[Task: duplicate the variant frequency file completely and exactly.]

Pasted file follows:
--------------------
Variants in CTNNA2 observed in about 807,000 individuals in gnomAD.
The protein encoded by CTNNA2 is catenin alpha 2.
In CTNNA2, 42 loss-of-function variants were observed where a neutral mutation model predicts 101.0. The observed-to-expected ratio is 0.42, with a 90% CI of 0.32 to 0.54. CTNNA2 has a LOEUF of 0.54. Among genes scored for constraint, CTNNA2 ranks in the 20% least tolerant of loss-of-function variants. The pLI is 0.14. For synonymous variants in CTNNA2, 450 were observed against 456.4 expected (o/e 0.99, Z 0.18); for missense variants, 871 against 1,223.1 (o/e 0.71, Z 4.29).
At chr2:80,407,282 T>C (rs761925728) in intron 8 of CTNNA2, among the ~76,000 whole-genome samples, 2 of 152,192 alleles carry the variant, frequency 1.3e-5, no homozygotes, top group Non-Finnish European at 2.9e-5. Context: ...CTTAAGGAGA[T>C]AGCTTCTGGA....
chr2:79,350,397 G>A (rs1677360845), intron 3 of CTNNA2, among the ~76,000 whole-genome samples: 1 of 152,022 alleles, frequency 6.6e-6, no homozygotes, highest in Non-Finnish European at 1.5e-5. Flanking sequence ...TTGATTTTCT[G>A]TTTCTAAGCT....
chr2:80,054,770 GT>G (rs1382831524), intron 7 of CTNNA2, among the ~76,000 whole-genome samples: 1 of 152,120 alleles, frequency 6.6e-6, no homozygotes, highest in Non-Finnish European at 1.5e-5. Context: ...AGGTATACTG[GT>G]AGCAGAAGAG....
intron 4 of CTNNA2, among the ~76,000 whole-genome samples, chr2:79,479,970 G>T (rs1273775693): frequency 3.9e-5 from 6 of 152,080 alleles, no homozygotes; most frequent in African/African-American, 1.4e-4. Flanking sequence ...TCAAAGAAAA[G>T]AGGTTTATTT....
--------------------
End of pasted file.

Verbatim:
Variants in CTNNA2 observed in about 807,000 individuals in gnomAD.
The protein encoded by CTNNA2 is catenin alpha 2.
In CTNNA2, 42 loss-of-function variants were observed where a neutral mutation model predicts 101.0. The observed-to-expected ratio is 0.42, with a 90% CI of 0.32 to 0.54. CTNNA2 has a LOEUF of 0.54. Among genes scored for constraint, CTNNA2 ranks in the 20% least tolerant of loss-of-function variants. The pLI is 0.14. For synonymous variants in CTNNA2, 450 were observed against 456.4 expected (o/e 0.99, Z 0.18); for missense variants, 871 against 1,223.1 (o/e 0.71, Z 4.29).
At chr2:80,407,282 T>C (rs761925728) in intron 8 of CTNNA2, among the ~76,000 whole-genome samples, 2 of 152,192 alleles carry the variant, frequency 1.3e-5, no homozygotes, top group Non-Finnish European at 2.9e-5. Context: ...CTTAAGGAGA[T>C]AGCTTCTGGA....
chr2:79,350,397 G>A (rs1677360845), intron 3 of CTNNA2, among the ~76,000 whole-genome samples: 1 of 152,022 alleles, frequency 6.6e-6, no homozygotes, highest in Non-Finnish European at 1.5e-5. Flanking sequence ...TTGATTTTCT[G>A]TTTCTAAGCT....
chr2:80,054,770 GT>G (rs1382831524), intron 7 of CTNNA2, among the ~76,000 whole-genome samples: 1 of 152,120 alleles, frequency 6.6e-6, no homozygotes, highest in Non-Finnish European at 1.5e-5. Context: ...AGGTATACTG[GT>G]AGCAGAAGAG....
intron 4 of CTNNA2, among the ~76,000 whole-genome samples, chr2:79,479,970 G>T (rs1273775693): frequency 3.9e-5 from 6 of 152,080 alleles, no homozygotes; most frequent in African/African-American, 1.4e-4. Flanking sequence ...TCAAAGAAAA[G>T]AGGTTTATTT....